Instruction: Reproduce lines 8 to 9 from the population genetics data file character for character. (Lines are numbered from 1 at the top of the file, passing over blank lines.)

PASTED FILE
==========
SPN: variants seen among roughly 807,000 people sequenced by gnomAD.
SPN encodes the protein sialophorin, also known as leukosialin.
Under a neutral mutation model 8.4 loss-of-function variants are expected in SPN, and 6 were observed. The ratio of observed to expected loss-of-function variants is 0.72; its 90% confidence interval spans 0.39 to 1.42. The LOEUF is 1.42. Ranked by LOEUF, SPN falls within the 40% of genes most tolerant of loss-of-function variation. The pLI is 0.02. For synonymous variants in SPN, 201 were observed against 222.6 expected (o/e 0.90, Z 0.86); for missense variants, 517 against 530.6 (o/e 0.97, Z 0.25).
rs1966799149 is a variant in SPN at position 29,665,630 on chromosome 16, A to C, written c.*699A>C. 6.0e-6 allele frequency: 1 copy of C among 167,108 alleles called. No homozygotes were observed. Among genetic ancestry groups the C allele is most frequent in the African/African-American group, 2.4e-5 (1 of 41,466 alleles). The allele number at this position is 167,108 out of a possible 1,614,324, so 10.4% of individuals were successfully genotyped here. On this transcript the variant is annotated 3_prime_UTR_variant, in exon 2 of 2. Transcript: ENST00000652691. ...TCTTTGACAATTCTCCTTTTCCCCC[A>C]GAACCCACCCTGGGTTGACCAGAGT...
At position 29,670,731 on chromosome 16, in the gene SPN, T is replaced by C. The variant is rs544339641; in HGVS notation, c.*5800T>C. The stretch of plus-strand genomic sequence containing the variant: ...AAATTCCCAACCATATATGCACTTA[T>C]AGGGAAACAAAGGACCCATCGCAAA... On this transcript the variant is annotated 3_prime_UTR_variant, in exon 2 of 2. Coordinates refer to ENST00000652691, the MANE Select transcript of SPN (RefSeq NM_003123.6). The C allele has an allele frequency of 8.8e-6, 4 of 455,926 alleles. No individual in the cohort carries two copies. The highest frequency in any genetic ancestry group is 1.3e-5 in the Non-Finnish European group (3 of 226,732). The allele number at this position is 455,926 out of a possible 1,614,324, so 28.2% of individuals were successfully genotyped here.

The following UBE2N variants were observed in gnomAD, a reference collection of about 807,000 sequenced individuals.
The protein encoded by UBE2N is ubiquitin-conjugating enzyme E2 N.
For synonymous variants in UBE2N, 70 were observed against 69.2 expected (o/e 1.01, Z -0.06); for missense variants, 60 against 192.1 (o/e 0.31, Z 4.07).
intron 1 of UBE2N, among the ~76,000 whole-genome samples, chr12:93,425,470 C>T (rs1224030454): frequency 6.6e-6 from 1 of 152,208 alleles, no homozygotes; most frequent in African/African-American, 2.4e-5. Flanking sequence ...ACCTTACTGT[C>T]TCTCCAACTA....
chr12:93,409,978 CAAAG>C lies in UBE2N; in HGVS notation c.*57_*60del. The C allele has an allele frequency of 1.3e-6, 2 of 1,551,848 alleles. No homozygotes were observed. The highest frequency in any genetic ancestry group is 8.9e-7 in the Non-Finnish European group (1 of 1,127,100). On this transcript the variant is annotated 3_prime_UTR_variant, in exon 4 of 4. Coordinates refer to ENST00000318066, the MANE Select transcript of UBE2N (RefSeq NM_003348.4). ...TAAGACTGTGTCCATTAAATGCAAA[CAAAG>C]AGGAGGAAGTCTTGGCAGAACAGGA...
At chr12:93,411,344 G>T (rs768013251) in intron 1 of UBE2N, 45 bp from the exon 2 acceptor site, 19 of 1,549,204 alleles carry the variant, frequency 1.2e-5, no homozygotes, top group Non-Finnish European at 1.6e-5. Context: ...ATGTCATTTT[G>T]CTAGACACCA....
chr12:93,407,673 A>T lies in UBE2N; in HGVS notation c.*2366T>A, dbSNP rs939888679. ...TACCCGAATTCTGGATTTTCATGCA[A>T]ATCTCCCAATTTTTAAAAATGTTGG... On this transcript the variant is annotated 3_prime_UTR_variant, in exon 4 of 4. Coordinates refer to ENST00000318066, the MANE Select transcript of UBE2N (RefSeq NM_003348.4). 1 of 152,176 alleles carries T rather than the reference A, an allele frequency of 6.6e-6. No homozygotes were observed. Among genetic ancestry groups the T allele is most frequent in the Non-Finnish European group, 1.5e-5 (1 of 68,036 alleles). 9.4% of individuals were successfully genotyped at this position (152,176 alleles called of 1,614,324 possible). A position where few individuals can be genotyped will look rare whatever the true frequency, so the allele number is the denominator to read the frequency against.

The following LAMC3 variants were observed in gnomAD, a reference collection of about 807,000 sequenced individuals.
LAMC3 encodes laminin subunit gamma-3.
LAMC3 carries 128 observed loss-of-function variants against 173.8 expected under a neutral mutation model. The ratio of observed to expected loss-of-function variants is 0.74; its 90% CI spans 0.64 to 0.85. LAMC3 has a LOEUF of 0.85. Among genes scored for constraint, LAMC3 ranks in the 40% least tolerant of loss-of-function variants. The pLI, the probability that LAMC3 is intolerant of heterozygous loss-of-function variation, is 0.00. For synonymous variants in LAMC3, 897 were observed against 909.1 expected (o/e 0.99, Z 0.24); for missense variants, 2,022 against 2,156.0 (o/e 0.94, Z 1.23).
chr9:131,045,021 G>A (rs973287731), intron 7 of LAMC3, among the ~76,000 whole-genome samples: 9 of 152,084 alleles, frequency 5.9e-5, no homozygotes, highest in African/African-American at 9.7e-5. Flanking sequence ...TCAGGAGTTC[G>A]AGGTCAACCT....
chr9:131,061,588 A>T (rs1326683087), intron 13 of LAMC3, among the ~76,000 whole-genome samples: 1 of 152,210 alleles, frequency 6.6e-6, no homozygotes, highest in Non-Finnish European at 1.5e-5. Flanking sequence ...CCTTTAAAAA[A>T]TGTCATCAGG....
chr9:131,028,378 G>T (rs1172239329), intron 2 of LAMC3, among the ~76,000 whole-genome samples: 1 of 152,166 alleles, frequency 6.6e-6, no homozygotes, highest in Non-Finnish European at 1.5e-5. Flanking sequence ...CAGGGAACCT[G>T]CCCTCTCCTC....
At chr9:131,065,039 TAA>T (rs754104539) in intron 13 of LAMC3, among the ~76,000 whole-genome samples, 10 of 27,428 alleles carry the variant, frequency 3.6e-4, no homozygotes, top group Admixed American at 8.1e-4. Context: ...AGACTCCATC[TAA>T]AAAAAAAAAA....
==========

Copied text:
For synonymous variants in UBE2N, 70 were observed against 69.2 expected (o/e 1.01, Z -0.06); for missense variants, 60 against 192.1 (o/e 0.31, Z 4.07).
intron 1 of UBE2N, among the ~76,000 whole-genome samples, chr12:93,425,470 C>T (rs1224030454): frequency 6.6e-6 from 1 of 152,208 alleles, no homozygotes; most frequent in African/African-American, 2.4e-5. Flanking sequence ...ACCTTACTGT[C>T]TCTCCAACTA....